Only much later, when I read your comments on the CompuServe photo forum, did I realize that not only did other photographers notice this stuff, they actually coined a term for the concept. That must've been during the mid to late 1990s?
    I've said it before, I'll say it again: I blame you for this mess. From http://theonlinephotographer.blogspot.com/2006/01/fame.html...
    Will the last brain-addled photographer to leave the party please turn out the lights and lock the door on this fuzzy concept? ;>
     
  100. Chris Brown, just absolutely beautiful !
     
  101. Mike J., isn't one of the Nikkor 105 lenses supposed to be sort of a cult classic for 35mm portraits? The only primary I have over 50mm that is not a zoomer is an Asahi Pentax 135mm 3.5 SMC for K-mount. I've only run a couple frames behind it. Now I'm curious. I figured I couldn't go wrong for $25. I don't know if I'd consider the Pentax K stuff classic or not so haven't done much with it.
    And thanks everyone for all these great comments whether you believe in bokeh, blur, or selective accidental purposefulness...
     
  102. I took this with a Z612 kodak p&s, f/4 ,ISO 80,1/500sec,33mm away. Ive found you can get good BOKEH if you know what you are doing,just play around with your camera, and if you have any common sense about yourself you will figure it out. Happy shooting!!
     
  103. My picture did not make it so i will try again. thanks
    00S4cB-104656784.jpg
     
  104. ...isn't one of the Nikkor 105 lenses supposed to be sort of a cult classic for 35mm portraits?​
    Yup, but not especially for the bokeh. It's very sharp even wide open. But the bokeh depends on the background - shape of OOF objects, distance between in-focus subject and OOF background objects, and all the usual voodoo and hocus-pocus.
     
  105. Hum? This was my first impression of the Asahi 135 lens. Very sharp wide open, in fact too sharp I would think for portrait work, but while the Asahi doesn't have the rep the shorter Nikkor does, it seems to be reasonably well known.
    But, here we go again... Hocus-pocus and voodoo are two very different approaches much like hokey-bokey has now been established as not only purely accident, but also part of a technical approach. Personally I prefer voodoo, though hocus-pocus was prominent in my early work. Now it all seems to be poo-poo...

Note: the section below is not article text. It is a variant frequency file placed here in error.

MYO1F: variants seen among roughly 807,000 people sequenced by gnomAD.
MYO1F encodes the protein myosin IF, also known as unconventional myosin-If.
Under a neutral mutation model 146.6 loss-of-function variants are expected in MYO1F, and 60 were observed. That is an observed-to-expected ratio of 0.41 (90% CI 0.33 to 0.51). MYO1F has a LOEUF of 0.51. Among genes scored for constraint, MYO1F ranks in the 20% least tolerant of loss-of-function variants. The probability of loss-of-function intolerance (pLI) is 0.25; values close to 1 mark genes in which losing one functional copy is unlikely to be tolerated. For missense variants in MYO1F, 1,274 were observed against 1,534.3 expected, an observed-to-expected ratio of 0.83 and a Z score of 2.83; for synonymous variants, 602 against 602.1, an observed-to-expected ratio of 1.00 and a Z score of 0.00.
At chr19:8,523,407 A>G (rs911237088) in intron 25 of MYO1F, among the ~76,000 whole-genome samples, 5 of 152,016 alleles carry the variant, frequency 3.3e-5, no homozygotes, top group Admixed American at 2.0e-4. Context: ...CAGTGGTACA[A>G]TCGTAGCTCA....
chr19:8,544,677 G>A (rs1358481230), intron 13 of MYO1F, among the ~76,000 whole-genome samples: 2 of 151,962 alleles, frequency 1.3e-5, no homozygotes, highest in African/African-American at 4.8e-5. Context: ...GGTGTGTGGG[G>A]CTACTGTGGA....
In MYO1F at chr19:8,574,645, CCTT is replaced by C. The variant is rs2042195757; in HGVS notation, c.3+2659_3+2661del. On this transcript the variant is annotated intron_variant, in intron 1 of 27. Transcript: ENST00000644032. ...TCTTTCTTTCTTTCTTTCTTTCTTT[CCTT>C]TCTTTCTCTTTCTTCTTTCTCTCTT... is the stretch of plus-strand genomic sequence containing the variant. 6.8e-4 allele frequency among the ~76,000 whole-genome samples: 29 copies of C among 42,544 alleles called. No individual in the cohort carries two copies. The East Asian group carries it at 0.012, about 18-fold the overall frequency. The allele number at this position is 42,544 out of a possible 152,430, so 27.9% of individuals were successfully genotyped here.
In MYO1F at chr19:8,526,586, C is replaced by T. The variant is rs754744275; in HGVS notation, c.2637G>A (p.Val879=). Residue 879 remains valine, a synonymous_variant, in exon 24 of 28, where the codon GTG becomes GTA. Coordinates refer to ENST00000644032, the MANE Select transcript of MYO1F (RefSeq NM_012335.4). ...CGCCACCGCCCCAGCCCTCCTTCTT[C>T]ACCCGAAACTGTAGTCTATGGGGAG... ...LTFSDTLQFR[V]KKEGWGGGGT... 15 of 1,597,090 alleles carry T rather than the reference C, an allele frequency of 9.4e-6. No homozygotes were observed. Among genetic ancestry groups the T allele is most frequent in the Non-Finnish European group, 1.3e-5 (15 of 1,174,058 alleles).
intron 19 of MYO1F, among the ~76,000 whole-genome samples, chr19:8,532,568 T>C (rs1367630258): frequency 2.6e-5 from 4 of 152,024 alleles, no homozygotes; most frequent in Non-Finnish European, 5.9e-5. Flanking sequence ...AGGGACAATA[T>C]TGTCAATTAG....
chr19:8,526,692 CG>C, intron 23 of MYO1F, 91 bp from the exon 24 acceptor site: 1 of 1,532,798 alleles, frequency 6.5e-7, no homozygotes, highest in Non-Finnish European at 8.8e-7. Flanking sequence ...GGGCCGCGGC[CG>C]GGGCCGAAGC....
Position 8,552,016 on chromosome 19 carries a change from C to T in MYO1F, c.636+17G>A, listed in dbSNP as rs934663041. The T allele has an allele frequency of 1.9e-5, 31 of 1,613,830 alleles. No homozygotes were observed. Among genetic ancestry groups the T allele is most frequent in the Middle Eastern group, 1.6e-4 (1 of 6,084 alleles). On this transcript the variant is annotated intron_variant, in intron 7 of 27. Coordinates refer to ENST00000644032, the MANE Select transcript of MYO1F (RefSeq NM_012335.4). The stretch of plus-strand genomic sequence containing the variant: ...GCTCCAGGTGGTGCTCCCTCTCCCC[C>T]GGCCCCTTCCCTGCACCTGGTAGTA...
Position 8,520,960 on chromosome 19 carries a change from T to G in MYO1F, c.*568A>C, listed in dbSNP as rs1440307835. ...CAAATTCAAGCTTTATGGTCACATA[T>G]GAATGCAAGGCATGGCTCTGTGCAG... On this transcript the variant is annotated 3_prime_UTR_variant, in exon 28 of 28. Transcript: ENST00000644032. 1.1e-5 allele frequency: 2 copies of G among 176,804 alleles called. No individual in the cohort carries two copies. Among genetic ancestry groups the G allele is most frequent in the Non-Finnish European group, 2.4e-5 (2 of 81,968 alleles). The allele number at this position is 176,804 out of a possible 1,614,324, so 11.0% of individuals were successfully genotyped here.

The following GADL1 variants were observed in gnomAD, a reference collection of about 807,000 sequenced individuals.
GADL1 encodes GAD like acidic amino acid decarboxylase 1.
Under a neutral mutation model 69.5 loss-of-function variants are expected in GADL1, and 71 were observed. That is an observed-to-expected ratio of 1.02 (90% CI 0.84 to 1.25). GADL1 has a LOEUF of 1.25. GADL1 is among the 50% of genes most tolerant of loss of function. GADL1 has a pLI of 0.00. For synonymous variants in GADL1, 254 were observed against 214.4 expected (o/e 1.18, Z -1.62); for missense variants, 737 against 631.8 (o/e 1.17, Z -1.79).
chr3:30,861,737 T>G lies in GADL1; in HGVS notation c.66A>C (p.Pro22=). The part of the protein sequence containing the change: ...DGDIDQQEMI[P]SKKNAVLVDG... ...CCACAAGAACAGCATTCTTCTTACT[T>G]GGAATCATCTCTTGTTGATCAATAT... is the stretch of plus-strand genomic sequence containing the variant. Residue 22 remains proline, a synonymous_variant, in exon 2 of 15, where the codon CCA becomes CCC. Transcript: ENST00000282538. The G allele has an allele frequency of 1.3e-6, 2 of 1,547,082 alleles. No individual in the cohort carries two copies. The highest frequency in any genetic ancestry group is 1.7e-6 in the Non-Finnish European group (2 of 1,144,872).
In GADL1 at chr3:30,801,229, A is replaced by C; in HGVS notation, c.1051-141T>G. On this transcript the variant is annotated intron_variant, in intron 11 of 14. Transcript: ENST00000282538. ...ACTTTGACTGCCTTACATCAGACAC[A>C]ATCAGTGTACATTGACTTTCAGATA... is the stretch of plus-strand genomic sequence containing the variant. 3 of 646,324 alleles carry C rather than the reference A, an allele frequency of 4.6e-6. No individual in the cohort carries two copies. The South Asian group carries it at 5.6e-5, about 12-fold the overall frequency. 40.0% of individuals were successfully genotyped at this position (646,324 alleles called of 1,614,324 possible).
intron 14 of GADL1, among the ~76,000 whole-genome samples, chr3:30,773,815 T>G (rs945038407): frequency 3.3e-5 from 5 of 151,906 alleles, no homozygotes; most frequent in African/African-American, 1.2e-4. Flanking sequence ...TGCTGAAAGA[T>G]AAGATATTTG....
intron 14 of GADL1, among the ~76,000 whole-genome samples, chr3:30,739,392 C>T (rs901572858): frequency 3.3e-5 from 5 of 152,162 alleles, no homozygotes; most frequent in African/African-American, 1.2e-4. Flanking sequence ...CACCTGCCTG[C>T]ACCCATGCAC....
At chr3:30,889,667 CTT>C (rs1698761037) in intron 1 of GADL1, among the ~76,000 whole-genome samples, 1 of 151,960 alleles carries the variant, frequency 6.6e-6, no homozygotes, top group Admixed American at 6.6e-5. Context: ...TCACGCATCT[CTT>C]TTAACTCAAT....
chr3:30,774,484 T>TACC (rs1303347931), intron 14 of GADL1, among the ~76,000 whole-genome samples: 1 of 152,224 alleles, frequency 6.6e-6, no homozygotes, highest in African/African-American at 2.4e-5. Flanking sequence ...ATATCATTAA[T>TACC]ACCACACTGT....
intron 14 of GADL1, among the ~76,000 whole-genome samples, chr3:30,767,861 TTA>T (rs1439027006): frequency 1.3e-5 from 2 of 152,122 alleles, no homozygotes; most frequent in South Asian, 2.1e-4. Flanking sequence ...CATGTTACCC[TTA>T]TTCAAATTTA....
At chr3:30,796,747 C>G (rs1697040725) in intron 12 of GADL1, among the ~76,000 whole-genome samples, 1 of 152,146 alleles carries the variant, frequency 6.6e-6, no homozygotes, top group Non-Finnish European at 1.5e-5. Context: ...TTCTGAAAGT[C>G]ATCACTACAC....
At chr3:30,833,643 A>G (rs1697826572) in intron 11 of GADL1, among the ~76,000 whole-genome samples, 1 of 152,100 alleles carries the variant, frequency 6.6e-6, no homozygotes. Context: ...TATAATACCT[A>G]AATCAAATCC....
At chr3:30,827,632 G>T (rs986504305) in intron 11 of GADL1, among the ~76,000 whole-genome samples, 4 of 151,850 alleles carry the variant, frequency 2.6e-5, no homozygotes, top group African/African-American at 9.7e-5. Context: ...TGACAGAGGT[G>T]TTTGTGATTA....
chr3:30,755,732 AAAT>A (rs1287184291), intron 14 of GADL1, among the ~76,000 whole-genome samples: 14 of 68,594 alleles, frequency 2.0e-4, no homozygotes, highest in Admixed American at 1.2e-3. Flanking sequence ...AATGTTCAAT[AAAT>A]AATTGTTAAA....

106. FWIW, I find the Nikon 105mm f2.5 to have a consistently attractive boke-aji (to use MJ's term of the day).
    With regards to this discussion of boke as concept, I have found that my Japanese brethren are very keen to capture the intangible feelings one has when observing the world. It is a very emotion driven culture in that sense, thus words like natsukashii - a classic example of a feeling that is hard to translate into English (something like nostalgic). When it comes to good bokeh, it is like that famous phrase "I know it when I see it." I don't think any lens always delivers, but some certainly do a lot more than others.

    It is because of the boke, shallow depth of field and selective focus, that I hope that we will continue to see the development of beautiful fast lenses despite the ISO trends that seem to be swinging us away from fast primes.
    00S4fT-104673984.jpg
     
  107. I noticed that years ago, early 1980s, while a journalism student and college newspaper editor. When selecting photos I could tell which photographer took which photos by the character of the out-of-focus areas. A couple of the students used Nikons; one used a Canon A1. The Nikkor shots always had distinctly harsher blur.​
    Hi Lex,
    Yeah, I used to be able to go through Sports Illustrated and pick out who was using Nikons and who was using Canons.
    And people do respond to these things even when they don't know what they're responding to. It's like they sort of "sense" it, semi-consciously. Some people prefer certain kinds of "looks" in pictures even if they can't describe for you what the effects are that are making it look the way it does. It's very interesting. I keep threatening to do more research in this area, but it's a lot of work to make the prints, and nobody pays for that.